"We have a drug issue here," says Poulsbo's Deputy Chief Robert Wright. "It's anywhere or everywhere."
The department hopes the photo and others like them will shed light on a growing problem of needles and drug users taking over city parks and alleyways.
I strolled through Legion Park along Poulsbo's waterfront and, right next to the swing set and merry-go-round, found numerous pieces of tin foil used to cook heroin and several Q-tips used to soak the heroin up into a syringe.
"I see a lot of it -- it's unbelievable the amount I see," said Steve Weaver, a social services counselor. He says he started to see a spike in heroin use among local teenagers six months ago. Today, he says it feels out of control.
Others say they're shocked at how common place heroin has become. Andrea Rowe, who manages a convenience store in downtown Poulsbo, says a customer recently walked into her store straight from a local hospital. She says he was still wearing his hospital I.D. bracelet and explained to her he overdosed on heroin just two days earlier. An employee at another store across the street says she recently used a public restroom in town and found several used needles strewn across the floor.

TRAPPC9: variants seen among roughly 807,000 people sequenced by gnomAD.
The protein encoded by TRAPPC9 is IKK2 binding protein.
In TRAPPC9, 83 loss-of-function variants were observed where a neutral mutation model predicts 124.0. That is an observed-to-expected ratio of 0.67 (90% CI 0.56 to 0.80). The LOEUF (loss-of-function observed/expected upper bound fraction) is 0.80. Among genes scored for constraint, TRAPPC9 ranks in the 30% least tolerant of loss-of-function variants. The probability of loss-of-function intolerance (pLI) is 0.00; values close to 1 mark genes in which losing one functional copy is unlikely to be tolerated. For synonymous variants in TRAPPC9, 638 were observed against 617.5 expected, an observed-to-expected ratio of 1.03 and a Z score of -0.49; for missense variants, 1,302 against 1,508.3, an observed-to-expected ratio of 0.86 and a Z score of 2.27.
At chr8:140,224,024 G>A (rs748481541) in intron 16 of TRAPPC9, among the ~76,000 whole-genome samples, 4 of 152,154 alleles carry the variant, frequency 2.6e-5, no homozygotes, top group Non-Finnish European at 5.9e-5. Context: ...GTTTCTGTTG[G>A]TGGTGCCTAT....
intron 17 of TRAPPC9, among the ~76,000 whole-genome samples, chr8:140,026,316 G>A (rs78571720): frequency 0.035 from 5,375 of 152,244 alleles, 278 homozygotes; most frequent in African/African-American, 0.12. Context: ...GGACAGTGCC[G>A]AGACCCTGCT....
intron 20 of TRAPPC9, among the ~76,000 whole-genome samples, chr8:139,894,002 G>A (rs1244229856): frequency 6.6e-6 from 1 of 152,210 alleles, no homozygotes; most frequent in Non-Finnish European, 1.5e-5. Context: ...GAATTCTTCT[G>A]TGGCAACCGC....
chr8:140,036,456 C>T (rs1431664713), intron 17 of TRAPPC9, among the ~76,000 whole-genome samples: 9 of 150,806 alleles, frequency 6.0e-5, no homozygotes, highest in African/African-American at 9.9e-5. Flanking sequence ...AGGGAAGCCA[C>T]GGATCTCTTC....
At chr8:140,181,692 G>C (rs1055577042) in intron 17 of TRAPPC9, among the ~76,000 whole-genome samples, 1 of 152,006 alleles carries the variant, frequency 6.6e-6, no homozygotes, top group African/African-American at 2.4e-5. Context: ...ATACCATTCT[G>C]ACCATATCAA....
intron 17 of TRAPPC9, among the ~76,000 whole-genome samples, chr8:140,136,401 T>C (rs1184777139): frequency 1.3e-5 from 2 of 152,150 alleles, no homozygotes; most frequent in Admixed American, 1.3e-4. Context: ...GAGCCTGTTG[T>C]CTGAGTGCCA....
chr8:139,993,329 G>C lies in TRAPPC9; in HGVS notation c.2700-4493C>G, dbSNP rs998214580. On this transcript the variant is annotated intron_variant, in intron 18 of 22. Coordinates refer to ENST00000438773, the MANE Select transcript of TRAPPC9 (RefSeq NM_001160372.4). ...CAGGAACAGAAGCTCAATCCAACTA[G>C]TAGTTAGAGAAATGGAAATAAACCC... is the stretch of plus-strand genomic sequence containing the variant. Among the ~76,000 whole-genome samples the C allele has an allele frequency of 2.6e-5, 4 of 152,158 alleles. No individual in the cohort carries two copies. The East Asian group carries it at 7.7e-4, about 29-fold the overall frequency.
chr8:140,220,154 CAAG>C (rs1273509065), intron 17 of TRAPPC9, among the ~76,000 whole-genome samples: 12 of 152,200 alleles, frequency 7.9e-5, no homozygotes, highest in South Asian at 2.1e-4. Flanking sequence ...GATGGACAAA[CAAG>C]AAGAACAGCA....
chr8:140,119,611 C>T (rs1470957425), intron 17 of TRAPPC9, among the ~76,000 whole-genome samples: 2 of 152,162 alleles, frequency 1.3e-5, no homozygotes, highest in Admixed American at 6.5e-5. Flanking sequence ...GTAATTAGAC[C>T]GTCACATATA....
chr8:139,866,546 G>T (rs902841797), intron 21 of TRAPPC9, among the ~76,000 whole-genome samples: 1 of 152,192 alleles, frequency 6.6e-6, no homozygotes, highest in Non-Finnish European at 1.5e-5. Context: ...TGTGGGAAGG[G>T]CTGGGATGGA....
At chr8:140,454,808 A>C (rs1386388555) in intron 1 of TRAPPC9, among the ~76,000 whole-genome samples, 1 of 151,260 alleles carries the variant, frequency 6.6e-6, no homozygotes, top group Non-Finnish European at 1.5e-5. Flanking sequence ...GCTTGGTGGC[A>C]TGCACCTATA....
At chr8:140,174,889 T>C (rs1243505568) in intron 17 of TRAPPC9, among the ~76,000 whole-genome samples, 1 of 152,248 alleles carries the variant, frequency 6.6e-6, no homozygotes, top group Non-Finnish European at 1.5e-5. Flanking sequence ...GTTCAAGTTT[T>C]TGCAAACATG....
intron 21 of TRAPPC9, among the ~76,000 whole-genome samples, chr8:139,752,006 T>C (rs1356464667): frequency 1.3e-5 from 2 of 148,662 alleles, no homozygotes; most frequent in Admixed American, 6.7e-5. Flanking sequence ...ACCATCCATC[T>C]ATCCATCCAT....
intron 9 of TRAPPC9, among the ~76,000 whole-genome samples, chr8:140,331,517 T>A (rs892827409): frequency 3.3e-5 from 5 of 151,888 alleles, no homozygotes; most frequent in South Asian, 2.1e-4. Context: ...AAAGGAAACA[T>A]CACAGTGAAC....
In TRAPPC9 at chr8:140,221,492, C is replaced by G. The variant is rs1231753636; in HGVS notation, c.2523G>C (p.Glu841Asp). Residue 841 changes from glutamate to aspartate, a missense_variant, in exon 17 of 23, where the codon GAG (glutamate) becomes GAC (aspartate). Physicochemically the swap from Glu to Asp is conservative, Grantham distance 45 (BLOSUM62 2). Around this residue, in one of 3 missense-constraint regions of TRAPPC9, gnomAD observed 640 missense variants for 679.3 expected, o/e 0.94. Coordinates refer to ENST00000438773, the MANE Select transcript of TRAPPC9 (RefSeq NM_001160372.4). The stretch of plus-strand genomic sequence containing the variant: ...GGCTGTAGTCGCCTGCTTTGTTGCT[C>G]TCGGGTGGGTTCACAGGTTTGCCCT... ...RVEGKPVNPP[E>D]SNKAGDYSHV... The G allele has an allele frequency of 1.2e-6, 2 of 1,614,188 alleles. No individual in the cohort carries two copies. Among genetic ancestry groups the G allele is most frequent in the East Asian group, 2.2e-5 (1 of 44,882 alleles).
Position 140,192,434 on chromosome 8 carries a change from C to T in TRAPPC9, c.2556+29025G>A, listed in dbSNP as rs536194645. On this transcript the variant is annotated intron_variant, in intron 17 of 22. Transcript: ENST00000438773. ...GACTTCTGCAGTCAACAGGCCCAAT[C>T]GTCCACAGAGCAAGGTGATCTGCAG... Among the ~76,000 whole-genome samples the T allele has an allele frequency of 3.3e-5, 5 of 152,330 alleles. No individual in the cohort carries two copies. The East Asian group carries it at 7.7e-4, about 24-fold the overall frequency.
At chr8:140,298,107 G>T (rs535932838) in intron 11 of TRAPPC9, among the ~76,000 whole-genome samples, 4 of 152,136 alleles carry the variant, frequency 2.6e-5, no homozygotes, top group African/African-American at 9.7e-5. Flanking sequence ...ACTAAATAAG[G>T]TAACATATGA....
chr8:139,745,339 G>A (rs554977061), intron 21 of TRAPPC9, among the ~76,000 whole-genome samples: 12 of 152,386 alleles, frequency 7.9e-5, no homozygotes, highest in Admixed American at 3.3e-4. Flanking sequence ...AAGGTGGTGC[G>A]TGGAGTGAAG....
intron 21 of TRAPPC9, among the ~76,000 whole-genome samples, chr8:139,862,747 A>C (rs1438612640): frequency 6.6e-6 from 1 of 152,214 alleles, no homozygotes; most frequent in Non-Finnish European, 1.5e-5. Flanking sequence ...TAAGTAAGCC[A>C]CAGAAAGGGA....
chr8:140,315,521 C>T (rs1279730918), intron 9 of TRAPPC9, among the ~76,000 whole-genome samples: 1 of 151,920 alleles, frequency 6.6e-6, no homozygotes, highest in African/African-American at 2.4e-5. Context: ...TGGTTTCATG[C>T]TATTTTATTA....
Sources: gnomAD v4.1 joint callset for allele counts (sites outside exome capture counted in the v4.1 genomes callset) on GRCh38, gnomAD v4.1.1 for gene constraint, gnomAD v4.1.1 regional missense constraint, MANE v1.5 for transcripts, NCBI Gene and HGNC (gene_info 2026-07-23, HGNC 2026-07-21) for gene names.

Police say the increase in drug use is also responsible for 80 percent of home and commercial burglaries in town. Deputy Chief Wright says they're patrolling the city's parks more often, but they say there's no clearly proven plan to completely curtail drug use. Recent budget cuts and staff reductions forced the city to quit a regional drug task force.
But by turning to social media, they're hoping to get more people to be aware of what's happening.